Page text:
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Question about Feynman Lecutres

  1. Jun 18, 2012 #1
    Are the Feynman lectures supposed to have problems in the end of the chapters? Because I am looking at some previews and it doesn't seem that they have problems to solve?

    I always thought that it would have challenging problems, perhaps I am confusing it with a different book.
  2. jcsd
  3. Jun 18, 2012 #2


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    The Feynman Lectures on Physics don't include problems. Feynman's Tips on Physics contains problems and is a supplement to the lectures.
  4. Jun 19, 2012 #3
    Oh okay. Thank you.
  5. Jun 19, 2012 #4
    Feynman's Tips on Physics (TIPS) includes about 80 exercises. I wanted to include more, but the publisher (Pearson) felt we should limit the number of pages dedicated to exercises so they would not overwhelm the rest of the book. I therefore selected 80 exercises (personal favorites) from "Exercises for Introductory Physics" by Leighton and Vogt, which was an expanded version of Caltech's "Exercises for The Feynman Lectures on Physics, Volume I." I limited my selection to problems for the first 20 chapters of Volume I, which is about where Feynman's students would have been (had the books existed) when they took the test for which the review lectures in TIPS were meant to prepare them.

    My colleagues and I are currently working on an exercise book for FLP, which we hope to publish later this year. It will include about 900-1000 exercises from the original FLP course taught at Caltech, with answers (and some worked-out solutions) covering all the main sequence material in (all three volumes of) FLP. [Most of these exercises have been published before, in the 1960's, but they are long out of print, and the Vols. II and III exercises were originally published without answers (making them not particularly useful for self-study).]

    If you would like to see the homework sets, tests and quizzes (and other handouts) that Feynman's students got when he taught the course (before the books existed!), then check out The FLP Original Course Notes.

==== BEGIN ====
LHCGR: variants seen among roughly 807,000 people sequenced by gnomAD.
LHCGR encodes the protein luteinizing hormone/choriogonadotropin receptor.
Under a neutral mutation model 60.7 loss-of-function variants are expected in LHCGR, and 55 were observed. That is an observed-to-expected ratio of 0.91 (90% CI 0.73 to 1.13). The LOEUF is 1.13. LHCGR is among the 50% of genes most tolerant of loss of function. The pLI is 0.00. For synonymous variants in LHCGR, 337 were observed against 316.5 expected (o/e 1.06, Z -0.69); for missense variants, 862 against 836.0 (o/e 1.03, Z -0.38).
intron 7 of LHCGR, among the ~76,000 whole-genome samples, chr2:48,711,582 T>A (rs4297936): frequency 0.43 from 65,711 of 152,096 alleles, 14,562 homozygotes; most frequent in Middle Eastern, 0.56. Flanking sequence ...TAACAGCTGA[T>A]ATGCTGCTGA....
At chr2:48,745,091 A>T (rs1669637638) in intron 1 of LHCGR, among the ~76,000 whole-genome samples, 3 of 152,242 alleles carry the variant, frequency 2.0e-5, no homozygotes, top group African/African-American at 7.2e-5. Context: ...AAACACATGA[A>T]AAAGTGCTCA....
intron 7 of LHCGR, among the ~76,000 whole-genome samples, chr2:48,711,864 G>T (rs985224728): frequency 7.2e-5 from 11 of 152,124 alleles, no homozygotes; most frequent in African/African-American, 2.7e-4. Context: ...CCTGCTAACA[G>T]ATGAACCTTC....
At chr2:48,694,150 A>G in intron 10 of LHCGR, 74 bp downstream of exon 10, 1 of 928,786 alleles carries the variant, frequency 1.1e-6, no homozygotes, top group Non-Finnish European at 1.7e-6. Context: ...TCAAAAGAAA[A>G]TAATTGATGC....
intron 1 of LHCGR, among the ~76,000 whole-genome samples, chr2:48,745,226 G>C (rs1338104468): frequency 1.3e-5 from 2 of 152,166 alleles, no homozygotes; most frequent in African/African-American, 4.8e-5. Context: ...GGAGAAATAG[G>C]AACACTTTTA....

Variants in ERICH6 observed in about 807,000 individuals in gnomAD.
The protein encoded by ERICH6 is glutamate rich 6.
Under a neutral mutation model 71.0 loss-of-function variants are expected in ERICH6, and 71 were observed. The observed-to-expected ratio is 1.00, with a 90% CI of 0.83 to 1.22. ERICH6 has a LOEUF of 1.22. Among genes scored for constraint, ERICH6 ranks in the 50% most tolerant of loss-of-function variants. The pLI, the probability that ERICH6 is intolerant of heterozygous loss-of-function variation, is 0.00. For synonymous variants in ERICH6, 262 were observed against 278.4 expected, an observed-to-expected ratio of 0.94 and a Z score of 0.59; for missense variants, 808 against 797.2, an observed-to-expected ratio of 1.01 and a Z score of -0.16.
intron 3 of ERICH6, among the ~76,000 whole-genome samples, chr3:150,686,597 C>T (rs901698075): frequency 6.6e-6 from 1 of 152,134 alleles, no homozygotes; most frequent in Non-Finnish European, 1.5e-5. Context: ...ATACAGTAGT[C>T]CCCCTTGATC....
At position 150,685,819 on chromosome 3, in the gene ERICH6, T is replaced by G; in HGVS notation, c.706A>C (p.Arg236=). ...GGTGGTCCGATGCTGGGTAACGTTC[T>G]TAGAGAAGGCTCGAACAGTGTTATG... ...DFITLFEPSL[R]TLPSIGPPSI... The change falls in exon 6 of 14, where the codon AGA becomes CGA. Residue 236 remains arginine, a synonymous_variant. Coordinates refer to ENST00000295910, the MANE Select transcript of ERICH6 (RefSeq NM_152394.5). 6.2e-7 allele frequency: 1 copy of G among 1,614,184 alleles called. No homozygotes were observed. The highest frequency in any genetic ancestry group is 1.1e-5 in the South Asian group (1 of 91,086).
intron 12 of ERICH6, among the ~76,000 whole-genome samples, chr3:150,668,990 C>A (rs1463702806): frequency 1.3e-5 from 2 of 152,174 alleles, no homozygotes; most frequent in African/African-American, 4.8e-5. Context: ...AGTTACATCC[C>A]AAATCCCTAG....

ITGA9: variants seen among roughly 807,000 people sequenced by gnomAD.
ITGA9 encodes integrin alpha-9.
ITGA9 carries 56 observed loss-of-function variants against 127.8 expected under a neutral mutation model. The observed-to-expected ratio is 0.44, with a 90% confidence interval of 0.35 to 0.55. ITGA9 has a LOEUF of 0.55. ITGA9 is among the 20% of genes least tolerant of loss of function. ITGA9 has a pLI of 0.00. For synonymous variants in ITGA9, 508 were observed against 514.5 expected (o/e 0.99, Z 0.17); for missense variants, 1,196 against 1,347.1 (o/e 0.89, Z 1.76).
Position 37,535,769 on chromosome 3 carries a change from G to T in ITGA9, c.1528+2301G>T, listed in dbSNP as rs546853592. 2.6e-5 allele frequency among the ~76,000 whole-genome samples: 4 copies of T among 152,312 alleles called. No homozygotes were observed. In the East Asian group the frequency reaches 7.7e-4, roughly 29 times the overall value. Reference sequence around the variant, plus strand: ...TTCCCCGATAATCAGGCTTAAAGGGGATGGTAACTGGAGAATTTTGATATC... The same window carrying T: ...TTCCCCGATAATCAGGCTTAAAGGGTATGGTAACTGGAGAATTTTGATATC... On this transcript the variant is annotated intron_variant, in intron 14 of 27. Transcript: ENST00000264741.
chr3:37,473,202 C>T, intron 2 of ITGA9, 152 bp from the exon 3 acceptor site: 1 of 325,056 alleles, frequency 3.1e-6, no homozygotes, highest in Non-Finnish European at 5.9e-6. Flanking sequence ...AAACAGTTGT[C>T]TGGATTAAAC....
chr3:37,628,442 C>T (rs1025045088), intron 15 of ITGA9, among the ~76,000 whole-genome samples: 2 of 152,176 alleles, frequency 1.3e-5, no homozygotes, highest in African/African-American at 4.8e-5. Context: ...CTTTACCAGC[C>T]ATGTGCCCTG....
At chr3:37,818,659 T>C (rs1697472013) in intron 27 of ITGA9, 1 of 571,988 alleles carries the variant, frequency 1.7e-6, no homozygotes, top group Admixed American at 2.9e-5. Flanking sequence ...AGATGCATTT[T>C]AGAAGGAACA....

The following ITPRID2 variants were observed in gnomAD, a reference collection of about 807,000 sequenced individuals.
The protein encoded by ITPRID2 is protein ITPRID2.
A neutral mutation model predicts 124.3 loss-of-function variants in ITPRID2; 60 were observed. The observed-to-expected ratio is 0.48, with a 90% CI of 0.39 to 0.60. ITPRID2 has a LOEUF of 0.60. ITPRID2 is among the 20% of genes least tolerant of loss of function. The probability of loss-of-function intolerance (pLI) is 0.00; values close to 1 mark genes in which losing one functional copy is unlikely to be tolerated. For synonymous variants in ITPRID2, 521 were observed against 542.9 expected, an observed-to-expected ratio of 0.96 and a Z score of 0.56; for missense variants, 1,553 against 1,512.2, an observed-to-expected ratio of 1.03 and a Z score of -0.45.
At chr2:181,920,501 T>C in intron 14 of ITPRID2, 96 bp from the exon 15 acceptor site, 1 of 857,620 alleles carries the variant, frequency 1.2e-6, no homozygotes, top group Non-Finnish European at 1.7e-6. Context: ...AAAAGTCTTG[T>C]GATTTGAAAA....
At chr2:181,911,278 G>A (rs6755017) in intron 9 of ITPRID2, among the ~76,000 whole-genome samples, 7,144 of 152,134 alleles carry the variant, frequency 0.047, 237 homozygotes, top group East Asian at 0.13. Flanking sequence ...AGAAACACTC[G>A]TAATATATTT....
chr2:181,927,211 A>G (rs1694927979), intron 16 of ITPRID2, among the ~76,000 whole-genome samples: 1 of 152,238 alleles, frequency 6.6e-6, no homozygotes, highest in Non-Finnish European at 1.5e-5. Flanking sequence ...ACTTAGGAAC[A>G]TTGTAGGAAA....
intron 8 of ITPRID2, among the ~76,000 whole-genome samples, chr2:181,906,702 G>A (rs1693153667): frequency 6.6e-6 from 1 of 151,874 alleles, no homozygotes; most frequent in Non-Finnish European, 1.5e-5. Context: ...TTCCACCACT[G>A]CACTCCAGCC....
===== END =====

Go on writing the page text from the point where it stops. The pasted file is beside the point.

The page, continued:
If you'd like to work some excellent exercises in mechanics, I recommend "Introduction to Classical Mechanics with Problems and Solutions" by David Morin (Cambridge Univ. Press, 2007). You might also want to check out Morin's "Harvard Physics: Problem(s) of the Week(s)".

    Finally, if you are looking for exercises for FLP Vol II, check out Review Questions, Examples, Grasps and Problems for Electromagnetic Field Theory. This is an excellent collection of exercises specifically designed for The Feynman Lectures on Physics Volume II, written by Miko Elwenspoek, Leon Abelmann, Wouter Olthuis, and Remco Wiegerink of The University of Twente, NL, where it is used in the introductory EM field theory course.

    Mike Gottlieb
    Editor, The Feynman Lectures on Physics, New Millennium Edition
    Coauthor, Feynman's Tips on Physics
  6. Jun 19, 2012 #5
    I'm not sure why they thought that more than 80 exercises would be too much. But I wish you the best of luck on your next project, I'm sure a lot of people would appreciate the added exercises - including myself.

    Thanks, those are some very good links.

    One thing I've been struggling with is whether I should study classical mechanics or Feynman's Lectures in my free time this summer.

    Do the Feynman lectures contain Hamiltonian's and Lagrangians? I doubt it. But I think it would be good to study classical mechanics and supplement it with Feynman lectures anyways. It might not do anything without the exercises, but the Feynman lectures are incredibly entertaining anyways.